Every parent knows that this day will come. The day when our teens tell us they’re interested in or are already dating someone. Perhaps it has already happened for some of us. Our teen is in his or her first truly serious relationship. We likely anticipate it with a mix of strong and often conflicting emotions. I mean, a serious relationship is – well, serious! Do these kids really know what they are getting into?
On another level, there is a part of us that looks forward to this day. As our children grow into adulthood, we hope they find a quality life partner who will be a great fit for them. We long to see our children in a healthy relationship that grows into a mature love, marriage and family. What greater earthly gift can there be?
Encouragement and Caution
As parents, we naturally want to both encourage and caution our dating children. We’ve been down this road ourselves and have a reasonable understanding of what lies ahead. We know the joys and fun of being in love. We also recognize that the choices made in a relationship can build or break its foundation.
But, how can we discuss this with our kids without sounding like a downer? If the relationship seems healthy, we don’t want our teens or young adults to believe that we’re trying to throw a wet blanket on their joy. And yet, we know that there are potential pitfalls on the road ahead – the ones they would be able to see too, if they would just take the stars out of their eyes for a few minutes! So, how do we both caution and encourage without sending mixed messages? We explain intimacy.
It is important to remember that intimacy between a man and a woman is a wonderful gift that God designed and gave to us. (Genesis 2)
The pull towards intimacy is natural and, in the right context, healthy and worth celebrating.
However, I think we would do well to help our children, who are approaching the dating years, to understand the meaning and implications of closeness.
There are many facets to intimacy, and they all interconnect. For this article we will only deal with four;
Emotional intimacy is that wonderful, well known, and sought after feeling of being in love! It is very affirming for each member in the relationship to grasp that they are known and loved for who they are. It’s important that this affirmation goes both ways between the couple.
Physical intimacy is not just sexual contact. It includes acts of affection, such as holding hands, hugs, kissing, and other contact that is reserved for the significant other.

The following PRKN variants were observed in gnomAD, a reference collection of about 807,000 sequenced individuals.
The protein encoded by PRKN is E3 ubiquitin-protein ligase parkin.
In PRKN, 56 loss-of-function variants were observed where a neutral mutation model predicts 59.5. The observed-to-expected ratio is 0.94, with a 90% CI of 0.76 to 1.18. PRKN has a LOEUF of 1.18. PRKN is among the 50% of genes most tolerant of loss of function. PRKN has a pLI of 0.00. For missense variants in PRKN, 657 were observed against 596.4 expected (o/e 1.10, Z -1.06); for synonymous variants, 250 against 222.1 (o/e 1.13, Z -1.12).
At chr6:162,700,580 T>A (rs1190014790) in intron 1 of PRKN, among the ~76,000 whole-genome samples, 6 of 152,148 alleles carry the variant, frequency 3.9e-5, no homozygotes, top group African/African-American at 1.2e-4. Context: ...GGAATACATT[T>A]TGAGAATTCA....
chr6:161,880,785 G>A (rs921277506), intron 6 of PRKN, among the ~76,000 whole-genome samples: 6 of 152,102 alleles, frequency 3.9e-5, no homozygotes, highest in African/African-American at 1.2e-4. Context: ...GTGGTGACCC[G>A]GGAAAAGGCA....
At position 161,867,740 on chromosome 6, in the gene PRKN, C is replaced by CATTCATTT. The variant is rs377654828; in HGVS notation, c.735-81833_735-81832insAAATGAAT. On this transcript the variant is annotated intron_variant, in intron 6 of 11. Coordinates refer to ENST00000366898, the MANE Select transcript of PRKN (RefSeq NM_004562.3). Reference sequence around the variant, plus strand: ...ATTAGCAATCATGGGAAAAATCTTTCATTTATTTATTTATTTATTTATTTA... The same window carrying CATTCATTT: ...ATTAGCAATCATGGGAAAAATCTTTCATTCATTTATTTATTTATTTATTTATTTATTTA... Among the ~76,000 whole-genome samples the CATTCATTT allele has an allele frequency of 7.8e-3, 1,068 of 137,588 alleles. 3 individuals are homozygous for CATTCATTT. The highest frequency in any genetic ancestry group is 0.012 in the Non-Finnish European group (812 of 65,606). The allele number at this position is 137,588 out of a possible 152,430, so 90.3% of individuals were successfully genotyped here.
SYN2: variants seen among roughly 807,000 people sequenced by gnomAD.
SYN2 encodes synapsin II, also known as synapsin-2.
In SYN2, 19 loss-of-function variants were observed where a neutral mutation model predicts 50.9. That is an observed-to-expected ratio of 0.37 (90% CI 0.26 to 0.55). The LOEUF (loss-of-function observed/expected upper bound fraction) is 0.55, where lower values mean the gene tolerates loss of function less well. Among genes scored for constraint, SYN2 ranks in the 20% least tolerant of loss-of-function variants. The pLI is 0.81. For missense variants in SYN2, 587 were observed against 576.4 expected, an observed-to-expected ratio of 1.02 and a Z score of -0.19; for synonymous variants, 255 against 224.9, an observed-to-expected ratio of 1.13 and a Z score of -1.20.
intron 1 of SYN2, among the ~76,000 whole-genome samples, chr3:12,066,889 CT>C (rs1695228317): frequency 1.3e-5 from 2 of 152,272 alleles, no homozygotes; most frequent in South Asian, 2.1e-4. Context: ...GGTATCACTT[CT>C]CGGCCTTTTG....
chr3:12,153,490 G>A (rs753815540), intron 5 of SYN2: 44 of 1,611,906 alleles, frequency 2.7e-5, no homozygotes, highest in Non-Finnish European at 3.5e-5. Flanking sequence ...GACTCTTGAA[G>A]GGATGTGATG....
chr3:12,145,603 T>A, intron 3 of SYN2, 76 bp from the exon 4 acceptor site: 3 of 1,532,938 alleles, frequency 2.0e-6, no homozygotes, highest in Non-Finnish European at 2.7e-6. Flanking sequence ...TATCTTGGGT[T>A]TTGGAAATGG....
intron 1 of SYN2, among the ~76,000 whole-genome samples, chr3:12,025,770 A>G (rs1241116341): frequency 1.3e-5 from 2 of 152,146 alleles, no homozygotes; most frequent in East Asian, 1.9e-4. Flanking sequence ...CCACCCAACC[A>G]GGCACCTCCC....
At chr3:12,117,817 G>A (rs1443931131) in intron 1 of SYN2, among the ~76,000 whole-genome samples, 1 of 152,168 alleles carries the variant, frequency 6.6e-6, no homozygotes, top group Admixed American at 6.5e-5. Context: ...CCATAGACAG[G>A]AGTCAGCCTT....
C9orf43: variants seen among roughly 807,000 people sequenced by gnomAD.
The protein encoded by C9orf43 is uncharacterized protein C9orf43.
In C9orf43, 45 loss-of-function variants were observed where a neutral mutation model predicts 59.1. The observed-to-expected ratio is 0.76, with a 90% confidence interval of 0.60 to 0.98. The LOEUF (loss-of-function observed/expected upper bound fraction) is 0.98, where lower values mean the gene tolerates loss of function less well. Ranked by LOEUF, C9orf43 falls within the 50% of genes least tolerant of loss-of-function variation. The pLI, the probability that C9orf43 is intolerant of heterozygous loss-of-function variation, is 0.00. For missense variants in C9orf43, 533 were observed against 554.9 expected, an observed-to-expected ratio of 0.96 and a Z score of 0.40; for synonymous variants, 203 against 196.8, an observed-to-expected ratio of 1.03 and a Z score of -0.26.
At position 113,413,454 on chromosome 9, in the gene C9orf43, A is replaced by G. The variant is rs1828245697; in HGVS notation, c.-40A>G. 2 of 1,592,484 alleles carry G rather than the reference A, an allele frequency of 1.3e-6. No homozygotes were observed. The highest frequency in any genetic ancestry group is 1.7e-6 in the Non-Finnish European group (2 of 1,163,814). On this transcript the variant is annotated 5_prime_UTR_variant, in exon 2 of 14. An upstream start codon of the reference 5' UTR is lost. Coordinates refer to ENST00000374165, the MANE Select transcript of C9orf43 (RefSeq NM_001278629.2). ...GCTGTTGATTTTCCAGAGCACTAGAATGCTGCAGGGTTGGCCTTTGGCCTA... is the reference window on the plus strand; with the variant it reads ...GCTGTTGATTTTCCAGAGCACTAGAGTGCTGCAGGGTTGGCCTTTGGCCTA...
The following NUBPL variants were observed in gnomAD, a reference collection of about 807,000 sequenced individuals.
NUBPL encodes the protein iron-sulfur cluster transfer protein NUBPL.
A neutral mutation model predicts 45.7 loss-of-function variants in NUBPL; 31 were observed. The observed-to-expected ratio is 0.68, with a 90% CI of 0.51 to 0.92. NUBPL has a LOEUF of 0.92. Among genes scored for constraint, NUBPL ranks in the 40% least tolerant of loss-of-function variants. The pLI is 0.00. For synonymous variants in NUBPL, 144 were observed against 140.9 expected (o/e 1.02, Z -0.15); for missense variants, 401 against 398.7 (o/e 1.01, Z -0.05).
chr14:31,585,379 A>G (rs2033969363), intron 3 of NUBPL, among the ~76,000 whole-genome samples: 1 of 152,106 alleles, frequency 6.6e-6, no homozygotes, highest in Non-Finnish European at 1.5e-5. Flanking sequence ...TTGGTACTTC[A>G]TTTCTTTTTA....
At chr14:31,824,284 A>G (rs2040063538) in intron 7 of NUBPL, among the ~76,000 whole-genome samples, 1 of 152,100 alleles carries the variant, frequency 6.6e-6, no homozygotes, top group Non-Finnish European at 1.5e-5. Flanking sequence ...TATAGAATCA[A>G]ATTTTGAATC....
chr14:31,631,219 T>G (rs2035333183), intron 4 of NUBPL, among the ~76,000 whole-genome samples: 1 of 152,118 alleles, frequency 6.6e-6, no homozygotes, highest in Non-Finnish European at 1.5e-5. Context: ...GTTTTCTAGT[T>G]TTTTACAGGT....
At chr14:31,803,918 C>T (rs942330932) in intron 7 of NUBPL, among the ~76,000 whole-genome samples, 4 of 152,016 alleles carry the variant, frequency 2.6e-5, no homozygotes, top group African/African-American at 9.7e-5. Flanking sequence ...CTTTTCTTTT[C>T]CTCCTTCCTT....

How terribly unromantic! Financial intimacy isn’t something we often think about. However, intimacy is far more than feelings. If a relationship is long term, each member brings their financial situation into the relationship and it is as much a part of the relationship as any of the other aspects of intimacy.
Spiritual intimacy means asking how committed each member of the dating couple is to their faith? Is Christ the center of their respective lives? Will He be the center of their relationship?
Here is the crux of the matter; intimacy does not stay static, but grows.
If our dating children don’t understand the various facets of intimacy, they may place more emphasis on one area and let another slide. When this happens we end up with a relationship that is off-balance and potentially disastrous.
Emotional intimacy, in particular, tends to be in a hurry! When one level of intimacy is rushed, it can drag the other facets of intimacy along with it. This pace may have a negative impact on the other areas of intimacy, which can, in turn, lead to hurt feelings and heartbreak. The ‘rush’ can mean that young couples become far more physically involved than is appropriate. Or, they may find themselves in financial trouble, especially if debts such as student loans are involved. They can also realize that while the couple has become emotionally close, they have vastly different ideas of what it means to be committed to Christ.
Knowledge is Power
Explaining to our sons and daughters the various facets of intimacy and how they are intertwined is so helpful. It can allow us, as parents, to affirm their joy at being in a relationship while informing them about the potential pitfalls. In doing so, we get to play a part in equipping our young people for a healthier and happier long term relationship.
After all, isn’t that ultimately what every parent hopes for?
What Can YOU Do? Choose one of the intimacy types and talk about it with your teens. Once you’ve thoroughly covered one area choose another and work through them slowly until you’ve covered them all. You can also SHARE this post with others who may find it helpful!